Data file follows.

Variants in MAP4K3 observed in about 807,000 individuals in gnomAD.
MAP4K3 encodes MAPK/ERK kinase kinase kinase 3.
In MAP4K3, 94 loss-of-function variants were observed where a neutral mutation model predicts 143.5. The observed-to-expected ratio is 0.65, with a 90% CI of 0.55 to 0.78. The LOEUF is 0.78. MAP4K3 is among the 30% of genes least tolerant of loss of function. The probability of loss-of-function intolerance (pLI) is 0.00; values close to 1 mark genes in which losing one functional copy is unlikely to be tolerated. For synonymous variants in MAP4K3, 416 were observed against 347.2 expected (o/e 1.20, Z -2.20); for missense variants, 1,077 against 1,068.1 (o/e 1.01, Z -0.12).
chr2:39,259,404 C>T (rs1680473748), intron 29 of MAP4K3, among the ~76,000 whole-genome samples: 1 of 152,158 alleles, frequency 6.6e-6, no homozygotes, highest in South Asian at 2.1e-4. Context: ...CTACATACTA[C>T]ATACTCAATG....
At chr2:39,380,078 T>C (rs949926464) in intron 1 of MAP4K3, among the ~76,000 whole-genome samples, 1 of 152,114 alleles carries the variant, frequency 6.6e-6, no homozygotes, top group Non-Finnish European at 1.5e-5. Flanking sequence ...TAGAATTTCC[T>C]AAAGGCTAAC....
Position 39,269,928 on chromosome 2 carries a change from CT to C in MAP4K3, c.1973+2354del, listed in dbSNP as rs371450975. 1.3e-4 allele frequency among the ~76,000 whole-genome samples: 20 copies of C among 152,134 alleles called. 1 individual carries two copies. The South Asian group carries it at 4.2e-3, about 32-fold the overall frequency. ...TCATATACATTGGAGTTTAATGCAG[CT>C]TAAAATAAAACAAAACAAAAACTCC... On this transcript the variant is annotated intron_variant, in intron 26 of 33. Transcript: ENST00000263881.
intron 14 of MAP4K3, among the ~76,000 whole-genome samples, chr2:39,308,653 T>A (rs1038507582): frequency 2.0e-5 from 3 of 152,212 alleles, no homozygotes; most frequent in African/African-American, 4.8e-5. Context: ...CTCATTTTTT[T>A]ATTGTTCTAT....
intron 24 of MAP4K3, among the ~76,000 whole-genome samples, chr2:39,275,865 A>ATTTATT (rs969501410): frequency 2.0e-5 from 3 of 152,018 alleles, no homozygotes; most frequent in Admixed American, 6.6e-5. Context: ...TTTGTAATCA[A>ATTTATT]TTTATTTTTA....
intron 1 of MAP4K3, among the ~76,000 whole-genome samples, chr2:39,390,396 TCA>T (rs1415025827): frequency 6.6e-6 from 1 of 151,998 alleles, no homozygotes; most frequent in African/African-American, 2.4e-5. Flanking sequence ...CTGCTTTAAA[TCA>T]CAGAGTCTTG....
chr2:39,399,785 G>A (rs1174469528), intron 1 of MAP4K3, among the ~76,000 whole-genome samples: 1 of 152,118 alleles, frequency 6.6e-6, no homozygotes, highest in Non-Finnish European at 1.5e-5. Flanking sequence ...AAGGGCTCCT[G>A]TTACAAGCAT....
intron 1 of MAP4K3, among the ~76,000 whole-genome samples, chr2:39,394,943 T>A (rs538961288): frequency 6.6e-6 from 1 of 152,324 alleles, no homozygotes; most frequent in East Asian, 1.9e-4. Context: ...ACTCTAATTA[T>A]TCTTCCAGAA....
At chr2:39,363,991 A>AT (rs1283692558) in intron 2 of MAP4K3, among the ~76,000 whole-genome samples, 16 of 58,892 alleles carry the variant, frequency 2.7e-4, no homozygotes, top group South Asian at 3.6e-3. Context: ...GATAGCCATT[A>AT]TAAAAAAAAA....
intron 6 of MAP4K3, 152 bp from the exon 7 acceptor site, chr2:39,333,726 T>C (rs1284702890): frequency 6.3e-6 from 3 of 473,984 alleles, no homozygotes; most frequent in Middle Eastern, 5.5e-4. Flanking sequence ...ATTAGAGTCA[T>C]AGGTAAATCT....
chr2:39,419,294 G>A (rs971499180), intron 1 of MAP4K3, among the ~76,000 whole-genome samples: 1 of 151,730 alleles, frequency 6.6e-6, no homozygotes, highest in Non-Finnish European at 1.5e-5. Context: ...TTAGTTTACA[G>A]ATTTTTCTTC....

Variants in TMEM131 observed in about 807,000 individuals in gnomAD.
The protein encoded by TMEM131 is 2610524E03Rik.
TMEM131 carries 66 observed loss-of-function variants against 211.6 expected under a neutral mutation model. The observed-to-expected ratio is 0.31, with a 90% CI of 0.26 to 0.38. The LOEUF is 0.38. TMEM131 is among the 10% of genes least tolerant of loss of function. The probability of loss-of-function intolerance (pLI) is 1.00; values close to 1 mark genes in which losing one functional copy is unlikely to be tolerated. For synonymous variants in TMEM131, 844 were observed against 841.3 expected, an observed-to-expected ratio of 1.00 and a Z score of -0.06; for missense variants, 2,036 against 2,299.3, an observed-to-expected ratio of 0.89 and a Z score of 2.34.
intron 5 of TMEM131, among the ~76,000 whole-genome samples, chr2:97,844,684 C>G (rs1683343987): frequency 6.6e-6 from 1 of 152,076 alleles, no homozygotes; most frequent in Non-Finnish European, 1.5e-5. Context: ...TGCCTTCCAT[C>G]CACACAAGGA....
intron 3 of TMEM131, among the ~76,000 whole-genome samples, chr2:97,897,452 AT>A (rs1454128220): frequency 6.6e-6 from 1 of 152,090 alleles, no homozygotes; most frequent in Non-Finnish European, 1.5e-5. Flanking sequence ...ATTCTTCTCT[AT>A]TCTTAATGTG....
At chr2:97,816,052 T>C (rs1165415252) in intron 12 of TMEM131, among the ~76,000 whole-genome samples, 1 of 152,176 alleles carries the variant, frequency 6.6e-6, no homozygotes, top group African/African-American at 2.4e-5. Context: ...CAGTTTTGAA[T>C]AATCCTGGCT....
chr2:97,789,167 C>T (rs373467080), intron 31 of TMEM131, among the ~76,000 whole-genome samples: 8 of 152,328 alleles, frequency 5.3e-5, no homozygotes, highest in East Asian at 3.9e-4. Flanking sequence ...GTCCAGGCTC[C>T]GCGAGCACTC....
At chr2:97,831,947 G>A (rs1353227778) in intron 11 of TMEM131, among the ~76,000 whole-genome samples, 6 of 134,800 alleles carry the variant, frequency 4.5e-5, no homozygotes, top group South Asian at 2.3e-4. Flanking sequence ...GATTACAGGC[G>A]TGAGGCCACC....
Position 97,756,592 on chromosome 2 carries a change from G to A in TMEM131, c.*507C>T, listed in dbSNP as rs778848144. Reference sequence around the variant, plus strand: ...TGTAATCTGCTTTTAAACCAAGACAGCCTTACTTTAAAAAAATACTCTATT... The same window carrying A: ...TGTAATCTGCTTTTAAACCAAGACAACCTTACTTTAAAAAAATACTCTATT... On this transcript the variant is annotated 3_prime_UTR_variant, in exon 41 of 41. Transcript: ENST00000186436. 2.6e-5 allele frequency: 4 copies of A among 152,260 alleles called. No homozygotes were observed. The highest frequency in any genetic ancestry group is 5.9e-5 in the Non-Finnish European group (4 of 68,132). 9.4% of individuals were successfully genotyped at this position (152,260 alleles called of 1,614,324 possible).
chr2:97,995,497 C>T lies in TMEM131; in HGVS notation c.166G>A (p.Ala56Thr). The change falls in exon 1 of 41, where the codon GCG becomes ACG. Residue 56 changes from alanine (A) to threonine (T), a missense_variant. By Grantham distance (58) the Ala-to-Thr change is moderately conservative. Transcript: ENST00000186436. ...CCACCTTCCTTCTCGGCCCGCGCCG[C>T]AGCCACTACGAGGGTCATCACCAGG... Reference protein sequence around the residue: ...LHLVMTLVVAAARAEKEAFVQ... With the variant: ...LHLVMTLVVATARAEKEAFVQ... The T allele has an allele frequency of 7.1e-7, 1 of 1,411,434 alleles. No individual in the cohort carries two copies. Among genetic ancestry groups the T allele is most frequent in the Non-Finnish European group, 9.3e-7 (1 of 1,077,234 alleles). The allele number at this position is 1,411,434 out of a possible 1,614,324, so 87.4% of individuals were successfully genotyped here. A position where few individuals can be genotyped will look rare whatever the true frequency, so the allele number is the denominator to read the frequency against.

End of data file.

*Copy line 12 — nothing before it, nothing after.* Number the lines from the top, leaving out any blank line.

At chr2:39,363,991 A>AT (rs1283692558) in intron 2 of MAP4K3, among the ~76,000 whole-genome samples, 16 of 58,892 alleles carry the variant, frequency 2.7e-4, no homozygotes, top group South Asian at 3.6e-3. Context: ...GATAGCCATT[A>AT]TAAAAAAAAA....